Recently, there has been a renewed interest in the potential benefits of psychedelic drugs. In this episode we explore 1) how the use of psychedelic drugs can have a transformative and lasting impact on the worldviews of those who use them, 2) how a psychedelic experience can drive people to practice certain mainstream religions, and 3) claims that some mainstream religions were inspired by ancestral use of psychedelic drugs. While some people propose that psychedelics are a panacea for modern mental health issues and that they offer an easy and direct path to transcendence, we explore the dark side of the psychedelic experience, with a particular focus on the otherworldly entities people meet while under the influence of DMT (ayahuasca). Bibliography:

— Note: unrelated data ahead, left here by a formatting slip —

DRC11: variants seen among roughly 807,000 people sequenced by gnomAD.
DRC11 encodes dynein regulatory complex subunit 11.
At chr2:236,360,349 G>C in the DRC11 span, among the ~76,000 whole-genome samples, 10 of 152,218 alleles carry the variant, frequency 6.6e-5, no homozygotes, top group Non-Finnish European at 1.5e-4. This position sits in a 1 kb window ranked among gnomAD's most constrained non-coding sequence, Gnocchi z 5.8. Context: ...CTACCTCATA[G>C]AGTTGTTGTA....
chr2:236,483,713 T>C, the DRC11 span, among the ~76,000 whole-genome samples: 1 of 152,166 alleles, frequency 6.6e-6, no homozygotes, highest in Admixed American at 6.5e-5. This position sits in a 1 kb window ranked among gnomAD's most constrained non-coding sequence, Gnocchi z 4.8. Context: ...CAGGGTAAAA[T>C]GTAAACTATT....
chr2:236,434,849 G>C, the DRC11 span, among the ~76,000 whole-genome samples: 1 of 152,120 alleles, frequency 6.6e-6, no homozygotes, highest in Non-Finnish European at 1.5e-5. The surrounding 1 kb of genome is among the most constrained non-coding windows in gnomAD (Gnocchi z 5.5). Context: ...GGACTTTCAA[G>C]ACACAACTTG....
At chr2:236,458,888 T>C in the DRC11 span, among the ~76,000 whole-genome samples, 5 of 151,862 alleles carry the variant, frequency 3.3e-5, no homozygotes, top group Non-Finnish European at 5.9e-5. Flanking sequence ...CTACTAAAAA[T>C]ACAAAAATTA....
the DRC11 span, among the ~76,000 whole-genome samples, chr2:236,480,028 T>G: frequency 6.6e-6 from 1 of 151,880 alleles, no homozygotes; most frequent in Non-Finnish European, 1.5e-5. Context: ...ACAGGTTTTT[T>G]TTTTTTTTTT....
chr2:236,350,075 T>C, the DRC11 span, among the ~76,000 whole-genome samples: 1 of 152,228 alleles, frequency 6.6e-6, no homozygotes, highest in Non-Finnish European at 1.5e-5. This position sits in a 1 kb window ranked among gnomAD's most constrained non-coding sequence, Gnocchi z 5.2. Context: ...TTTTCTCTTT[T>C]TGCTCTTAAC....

- Hofmann, A. (2013). LSD my problem child.
- Huxley, A. (1954). The doors of perception.
- Kripal, Jeffrey J. (2011). Mutants & Mystics: Science Fiction, Superhero Comics, and the Paranormal.
- Pollan, M. (2018) How to change your mind: What the new science of psychedelics teaches us about consciousness, dying, addiction,
depression and transcendence.
- Strassman, R. (2001). DMT: The spirit molecule.
- Strassman, R. (2014). DMT and the soul of prophecy
- Bogenschutz, M.P., & Johnson, M.W. (2016). Classic hallucinogens in the treatment of addictions. Progress in Neuro-Psychopharmacology & Biological Psychiatry, 64, 250-258.
- Carod-Artal, F.J. (2015). Hallucinogenic drugs in pre-Columbian
Mesoamerican cultures. Neurologia, 30(1), 42-49.
- Dean, J. G. (2018). Indolethylamine-N-methyltransferase
Polymorphisms: Genetic and Biochemical Approaches for Study of
Endogenous N, N,-dimethyltryptamine. Frontiers in neuroscience, 12.
- Nichols, D.E. (2004). Hallucinogens. Pharmacology & Therapeutics,
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